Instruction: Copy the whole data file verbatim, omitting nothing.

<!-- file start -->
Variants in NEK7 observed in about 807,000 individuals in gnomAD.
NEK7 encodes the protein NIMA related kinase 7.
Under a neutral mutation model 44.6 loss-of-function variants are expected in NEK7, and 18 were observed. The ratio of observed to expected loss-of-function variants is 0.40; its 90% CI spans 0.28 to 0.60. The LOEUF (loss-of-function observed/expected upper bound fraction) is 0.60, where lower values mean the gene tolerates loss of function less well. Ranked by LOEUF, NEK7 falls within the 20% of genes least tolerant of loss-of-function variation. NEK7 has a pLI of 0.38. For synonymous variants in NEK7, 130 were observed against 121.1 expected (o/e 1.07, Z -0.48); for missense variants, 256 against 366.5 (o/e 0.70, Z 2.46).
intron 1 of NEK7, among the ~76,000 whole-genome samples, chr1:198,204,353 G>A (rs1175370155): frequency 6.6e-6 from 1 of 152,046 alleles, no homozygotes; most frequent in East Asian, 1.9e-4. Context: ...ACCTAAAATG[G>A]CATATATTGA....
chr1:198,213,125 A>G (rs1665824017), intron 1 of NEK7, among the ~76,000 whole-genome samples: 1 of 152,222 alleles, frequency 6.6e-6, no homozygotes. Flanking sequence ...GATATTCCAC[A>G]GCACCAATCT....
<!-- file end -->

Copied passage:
Variants in NEK7 observed in about 807,000 individuals in gnomAD.
NEK7 encodes the protein NIMA related kinase 7.
Under a neutral mutation model 44.6 loss-of-function variants are expected in NEK7, and 18 were observed. The ratio of observed to expected loss-of-function variants is 0.40; its 90% CI spans 0.28 to 0.60. The LOEUF (loss-of-function observed/expected upper bound fraction) is 0.60, where lower values mean the gene tolerates loss of function less well. Ranked by LOEUF, NEK7 falls within the 20% of genes least tolerant of loss-of-function variation. NEK7 has a pLI of 0.38. For synonymous variants in NEK7, 130 were observed against 121.1 expected (o/e 1.07, Z -0.48); for missense variants, 256 against 366.5 (o/e 0.70, Z 2.46).
intron 1 of NEK7, among the ~76,000 whole-genome samples, chr1:198,204,353 G>A (rs1175370155): frequency 6.6e-6 from 1 of 152,046 alleles, no homozygotes; most frequent in East Asian, 1.9e-4. Context: ...ACCTAAAATG[G>A]CATATATTGA....
chr1:198,213,125 A>G (rs1665824017), intron 1 of NEK7, among the ~76,000 whole-genome samples: 1 of 152,222 alleles, frequency 6.6e-6, no homozygotes. Flanking sequence ...GATATTCCAC[A>G]GCACCAATCT....